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A CRITICAL EXAMINATION OF THE THREE MAIN INTERPRETATIONS OF PROBABILITY by Luigi A. Secchi A Dissertation Presented to the FACULTY OF THE USC GRADUATE SCHOOL UNIVERSITY OF SOUTHERN CALIFORNIA In Partial Fulfillment of the Requirements for the Degree DOCTOR OF PHILOSOPHY (PHILOSOPHY) August 2010 Copyright 2010 Luigi A. Secchi
Object Description
Title  A critical examination of the three main interpretations of probability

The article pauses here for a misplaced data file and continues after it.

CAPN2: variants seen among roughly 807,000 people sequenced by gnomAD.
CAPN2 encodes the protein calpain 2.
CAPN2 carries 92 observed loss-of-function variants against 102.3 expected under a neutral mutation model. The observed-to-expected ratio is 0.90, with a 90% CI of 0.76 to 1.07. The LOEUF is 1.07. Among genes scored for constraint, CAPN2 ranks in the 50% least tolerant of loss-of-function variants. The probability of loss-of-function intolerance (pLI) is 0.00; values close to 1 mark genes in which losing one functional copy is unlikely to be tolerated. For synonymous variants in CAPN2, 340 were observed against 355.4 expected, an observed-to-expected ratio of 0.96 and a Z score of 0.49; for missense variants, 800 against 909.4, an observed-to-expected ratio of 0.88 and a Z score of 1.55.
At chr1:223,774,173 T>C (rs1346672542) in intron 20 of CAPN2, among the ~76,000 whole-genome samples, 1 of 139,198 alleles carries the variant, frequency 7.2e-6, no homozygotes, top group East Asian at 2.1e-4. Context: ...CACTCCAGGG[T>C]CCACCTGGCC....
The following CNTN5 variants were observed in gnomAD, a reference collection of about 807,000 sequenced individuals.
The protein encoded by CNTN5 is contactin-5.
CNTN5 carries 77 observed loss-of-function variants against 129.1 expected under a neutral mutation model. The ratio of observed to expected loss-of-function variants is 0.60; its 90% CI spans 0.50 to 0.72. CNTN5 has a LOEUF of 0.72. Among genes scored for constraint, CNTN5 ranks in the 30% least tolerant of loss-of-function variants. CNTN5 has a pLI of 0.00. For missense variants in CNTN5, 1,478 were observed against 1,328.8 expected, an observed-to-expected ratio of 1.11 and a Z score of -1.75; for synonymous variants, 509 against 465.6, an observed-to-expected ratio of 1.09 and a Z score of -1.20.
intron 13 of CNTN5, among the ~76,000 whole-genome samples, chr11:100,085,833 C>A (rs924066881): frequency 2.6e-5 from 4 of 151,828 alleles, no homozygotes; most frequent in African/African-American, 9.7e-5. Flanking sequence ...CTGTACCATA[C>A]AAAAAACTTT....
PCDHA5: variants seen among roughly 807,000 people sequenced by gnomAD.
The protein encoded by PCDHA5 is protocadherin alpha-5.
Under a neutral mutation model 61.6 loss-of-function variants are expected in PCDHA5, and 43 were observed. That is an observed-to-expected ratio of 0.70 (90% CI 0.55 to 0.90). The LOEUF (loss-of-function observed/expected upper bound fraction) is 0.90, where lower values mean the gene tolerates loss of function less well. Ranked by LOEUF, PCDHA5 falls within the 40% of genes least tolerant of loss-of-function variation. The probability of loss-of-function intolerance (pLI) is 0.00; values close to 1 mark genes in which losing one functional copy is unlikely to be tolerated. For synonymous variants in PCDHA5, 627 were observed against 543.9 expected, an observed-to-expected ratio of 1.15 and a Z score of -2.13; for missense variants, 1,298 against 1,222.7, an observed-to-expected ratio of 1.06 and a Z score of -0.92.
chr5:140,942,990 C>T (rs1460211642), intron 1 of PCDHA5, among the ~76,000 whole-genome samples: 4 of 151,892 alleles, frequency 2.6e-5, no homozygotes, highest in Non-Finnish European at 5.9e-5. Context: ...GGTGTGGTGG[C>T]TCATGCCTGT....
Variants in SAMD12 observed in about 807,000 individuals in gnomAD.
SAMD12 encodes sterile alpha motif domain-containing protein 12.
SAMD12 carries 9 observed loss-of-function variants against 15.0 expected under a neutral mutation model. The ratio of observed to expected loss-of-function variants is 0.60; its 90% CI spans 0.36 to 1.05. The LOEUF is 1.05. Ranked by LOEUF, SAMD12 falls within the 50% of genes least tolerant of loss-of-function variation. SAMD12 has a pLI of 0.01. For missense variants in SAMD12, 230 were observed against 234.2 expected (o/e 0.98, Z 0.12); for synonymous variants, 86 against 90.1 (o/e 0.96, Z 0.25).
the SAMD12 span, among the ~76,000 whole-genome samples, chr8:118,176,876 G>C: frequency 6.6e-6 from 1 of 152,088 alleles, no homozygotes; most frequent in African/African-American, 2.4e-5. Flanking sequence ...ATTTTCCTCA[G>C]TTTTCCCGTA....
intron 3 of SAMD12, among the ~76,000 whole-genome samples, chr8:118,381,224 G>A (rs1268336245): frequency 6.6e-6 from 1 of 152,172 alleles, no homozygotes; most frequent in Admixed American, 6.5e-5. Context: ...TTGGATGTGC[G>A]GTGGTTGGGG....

Author  Secchi, Luigi Antonio 
Author email  secchi@usc.edu; luigi_secchi00@yahoo.com 
Degree  Doctor of Philosophy 
Document type  Dissertation 
Degree program  Philosophy 
School  College of Letters, Arts and Sciences 
Date defended/completed  20100503 
Date submitted  2010 
Restricted until  Unrestricted 
Date published  20100521 
Advisor (committee chair)  Damnjanovic, Zlatan 
Advisor (committee member) 
Van Cleve, James Alexander, Kenneth S.